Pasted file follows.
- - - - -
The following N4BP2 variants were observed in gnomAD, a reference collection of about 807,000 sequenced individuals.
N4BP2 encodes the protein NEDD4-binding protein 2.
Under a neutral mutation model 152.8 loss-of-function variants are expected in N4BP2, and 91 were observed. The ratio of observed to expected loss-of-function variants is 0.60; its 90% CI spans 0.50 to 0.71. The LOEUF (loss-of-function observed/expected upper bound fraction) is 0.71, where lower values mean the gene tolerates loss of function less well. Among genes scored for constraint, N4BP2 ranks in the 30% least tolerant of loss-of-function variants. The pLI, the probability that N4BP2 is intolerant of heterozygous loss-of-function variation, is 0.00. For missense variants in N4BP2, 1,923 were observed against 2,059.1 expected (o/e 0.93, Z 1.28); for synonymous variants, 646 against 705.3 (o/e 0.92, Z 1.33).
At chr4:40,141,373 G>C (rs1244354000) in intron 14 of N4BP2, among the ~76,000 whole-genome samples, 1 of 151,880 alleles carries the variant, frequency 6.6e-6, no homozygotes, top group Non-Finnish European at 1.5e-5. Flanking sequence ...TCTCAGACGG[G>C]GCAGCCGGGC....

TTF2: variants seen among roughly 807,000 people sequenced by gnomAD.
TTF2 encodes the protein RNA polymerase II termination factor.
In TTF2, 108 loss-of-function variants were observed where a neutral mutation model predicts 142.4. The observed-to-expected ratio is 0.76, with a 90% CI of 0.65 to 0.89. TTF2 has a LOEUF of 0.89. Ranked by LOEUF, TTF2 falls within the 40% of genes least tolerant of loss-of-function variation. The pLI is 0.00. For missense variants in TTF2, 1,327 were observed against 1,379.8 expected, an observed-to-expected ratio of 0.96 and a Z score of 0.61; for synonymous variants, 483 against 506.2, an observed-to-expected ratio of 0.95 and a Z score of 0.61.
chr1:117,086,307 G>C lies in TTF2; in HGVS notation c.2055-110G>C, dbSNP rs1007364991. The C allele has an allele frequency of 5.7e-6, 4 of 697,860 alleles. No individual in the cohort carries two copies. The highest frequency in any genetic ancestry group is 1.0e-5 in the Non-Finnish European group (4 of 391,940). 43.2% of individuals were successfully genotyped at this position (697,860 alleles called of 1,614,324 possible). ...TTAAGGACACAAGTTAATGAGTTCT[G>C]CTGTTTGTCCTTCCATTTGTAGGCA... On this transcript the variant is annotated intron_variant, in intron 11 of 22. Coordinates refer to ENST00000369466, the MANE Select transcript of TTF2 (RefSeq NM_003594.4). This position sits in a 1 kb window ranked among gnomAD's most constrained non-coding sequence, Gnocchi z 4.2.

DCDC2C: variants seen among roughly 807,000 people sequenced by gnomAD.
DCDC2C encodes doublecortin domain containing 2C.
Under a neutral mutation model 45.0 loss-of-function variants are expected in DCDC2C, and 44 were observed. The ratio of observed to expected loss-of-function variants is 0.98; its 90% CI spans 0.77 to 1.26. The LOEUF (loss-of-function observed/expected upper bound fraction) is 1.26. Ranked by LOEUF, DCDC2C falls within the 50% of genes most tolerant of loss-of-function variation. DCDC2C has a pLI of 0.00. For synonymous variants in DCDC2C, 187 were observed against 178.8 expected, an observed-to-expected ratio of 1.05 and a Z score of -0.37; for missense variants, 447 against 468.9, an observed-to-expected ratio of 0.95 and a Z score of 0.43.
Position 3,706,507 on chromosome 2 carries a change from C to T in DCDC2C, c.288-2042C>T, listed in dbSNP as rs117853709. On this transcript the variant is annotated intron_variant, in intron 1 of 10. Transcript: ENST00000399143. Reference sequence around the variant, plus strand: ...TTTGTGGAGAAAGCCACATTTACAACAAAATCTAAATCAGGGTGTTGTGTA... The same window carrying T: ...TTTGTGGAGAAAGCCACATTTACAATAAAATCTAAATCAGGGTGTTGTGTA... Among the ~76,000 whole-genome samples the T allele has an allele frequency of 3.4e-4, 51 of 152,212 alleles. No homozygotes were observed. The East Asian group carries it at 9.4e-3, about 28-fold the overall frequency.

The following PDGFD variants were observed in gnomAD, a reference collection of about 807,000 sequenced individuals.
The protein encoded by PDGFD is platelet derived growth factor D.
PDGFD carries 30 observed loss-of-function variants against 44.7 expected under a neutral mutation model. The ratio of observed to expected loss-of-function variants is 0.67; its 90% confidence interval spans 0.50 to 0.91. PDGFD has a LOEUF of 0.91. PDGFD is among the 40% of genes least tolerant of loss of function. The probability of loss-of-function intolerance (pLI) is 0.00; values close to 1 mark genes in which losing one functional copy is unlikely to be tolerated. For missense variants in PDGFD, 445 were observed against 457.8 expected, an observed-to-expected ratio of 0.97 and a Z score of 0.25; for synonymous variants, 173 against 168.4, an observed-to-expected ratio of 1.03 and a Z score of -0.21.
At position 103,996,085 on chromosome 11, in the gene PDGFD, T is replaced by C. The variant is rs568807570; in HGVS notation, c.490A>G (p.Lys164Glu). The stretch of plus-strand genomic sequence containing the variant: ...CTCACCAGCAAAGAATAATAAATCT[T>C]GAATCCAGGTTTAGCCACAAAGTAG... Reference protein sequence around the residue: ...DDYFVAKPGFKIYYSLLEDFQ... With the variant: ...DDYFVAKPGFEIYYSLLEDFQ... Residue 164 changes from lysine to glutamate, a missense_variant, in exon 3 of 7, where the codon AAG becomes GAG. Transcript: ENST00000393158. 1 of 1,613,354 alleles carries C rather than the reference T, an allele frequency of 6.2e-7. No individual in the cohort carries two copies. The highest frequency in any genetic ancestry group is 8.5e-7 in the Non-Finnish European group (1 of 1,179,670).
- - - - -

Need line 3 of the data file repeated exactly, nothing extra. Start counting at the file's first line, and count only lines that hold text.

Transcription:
Under a neutral mutation model 152.8 loss-of-function variants are expected in N4BP2, and 91 were observed. The ratio of observed to expected loss-of-function variants is 0.60; its 90% CI spans 0.50 to 0.71. The LOEUF (loss-of-function observed/expected upper bound fraction) is 0.71, where lower values mean the gene tolerates loss of function less well. Among genes scored for constraint, N4BP2 ranks in the 30% least tolerant of loss-of-function variants. The pLI, the probability that N4BP2 is intolerant of heterozygous loss-of-function variation, is 0.00. For missense variants in N4BP2, 1,923 were observed against 2,059.1 expected (o/e 0.93, Z 1.28); for synonymous variants, 646 against 705.3 (o/e 0.92, Z 1.33).